The method was quite robust as evidenced by a discrete peak denoting RTV. The percent variations (within-day and between-day) for the standards were below 10%. The method reliably yielded an acceptable range of recovery. Further, data from the accuracy and precision experiments yielded satisfactory results.

In view of its potent anti-retroviral activity, RTV is used in the treatment regimen along with other anti-retroviral and anti-tuberculosis drugs in HIV positive patients with and without tuberculosis, who fail to first-line anti-retroviral drugs. It therefore becomes necessary to rule out interference of both these classes of drugs in the assay of RTV and establish the specificity of the method. The method was highly specific for RTV; drugs such as nevirapine, efavirenz, zidovudine, tenofovir, didanosine, stavudine, lamivudine, lopinavir, indinavir and saquinavir or anti-tuberculosis drugs such as rifampicin, isoniazid, pyrazinamide, ethambutol, streptomycin or any endogenous substance interfered in the assay.

When this method was applied to estimate RTV in plasma samples collected serially at different time points from adult HIV-TB patients who received 100 mg of RTV along with LPV and other anti-tuberculosis and second line anti-retroviral drugs, we obtained a mean peak concentration of 1.59 µg/ml, which was within the therapeutic range of RTV (9).

Thus the method spans the range of clinical interest and could be applied to pharmacokinetic studies in both adults and children. Most of the methods published were simultaneous determination of anti-retroviral drugs which requires longer run time and permits quantitation of limited samples. The method has the potential to implement at low budget hospital environment, as it does not require high operational cost instruments such as NMR or tandem mass spectrometers.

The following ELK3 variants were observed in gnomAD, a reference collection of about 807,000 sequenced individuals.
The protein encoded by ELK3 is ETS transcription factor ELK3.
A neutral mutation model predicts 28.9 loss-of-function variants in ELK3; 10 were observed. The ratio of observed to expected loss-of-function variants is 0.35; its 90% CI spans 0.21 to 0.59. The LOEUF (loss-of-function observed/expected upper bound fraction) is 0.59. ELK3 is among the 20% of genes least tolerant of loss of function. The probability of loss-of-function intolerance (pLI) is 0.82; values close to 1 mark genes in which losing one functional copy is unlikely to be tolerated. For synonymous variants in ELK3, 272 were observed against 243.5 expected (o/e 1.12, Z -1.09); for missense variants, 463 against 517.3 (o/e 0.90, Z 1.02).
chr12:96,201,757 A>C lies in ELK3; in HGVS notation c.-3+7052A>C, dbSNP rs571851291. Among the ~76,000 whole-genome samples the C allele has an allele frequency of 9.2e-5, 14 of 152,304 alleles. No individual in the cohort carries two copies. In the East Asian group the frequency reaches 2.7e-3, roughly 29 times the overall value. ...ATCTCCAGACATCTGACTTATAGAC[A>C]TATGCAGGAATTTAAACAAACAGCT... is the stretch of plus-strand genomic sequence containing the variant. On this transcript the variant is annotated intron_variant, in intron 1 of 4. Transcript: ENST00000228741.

CONCLUSION

A sensitive, specific and validated method for quantitative determination of RTV in plasma is described. This simple, rapid, accurate and reproducible method utilizes a single step direct extraction without involvement of expensive solid phase cartridges. The chromatogram yields a well-resolved peak for RTV with good intra-and inter-day precision. This simple HPLC method can be conveniently used as a routine clinical application and enables study of the drug pharmacokinetics in conventional hospital and research laboratories.

CONFLICT OF INTERESTS

Declared none

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About this article

Title

A RAPID ISOCRATIC HIGH PERFORMANCE LIQUID CHROMATOGRAPHY (HPLC-UV) METHOD FOR THE QUANTIFICATION OF RITONAVIR IN HUMAN PLASMA

Date

01-07-2016

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Journal

International Journal of Pharmacy and Pharmaceutical Sciences
Vol 8, Issue 7, 2016 Page: 64-68

Online ISSN

0975-1491

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Authors & Affiliations

Hemanth Kumar. A.k.
National Institute for Research in Tuberculosis (ICMR), Chennai, India
India

Sudha. V.

Leelavathi A.

Geetha Ramachandran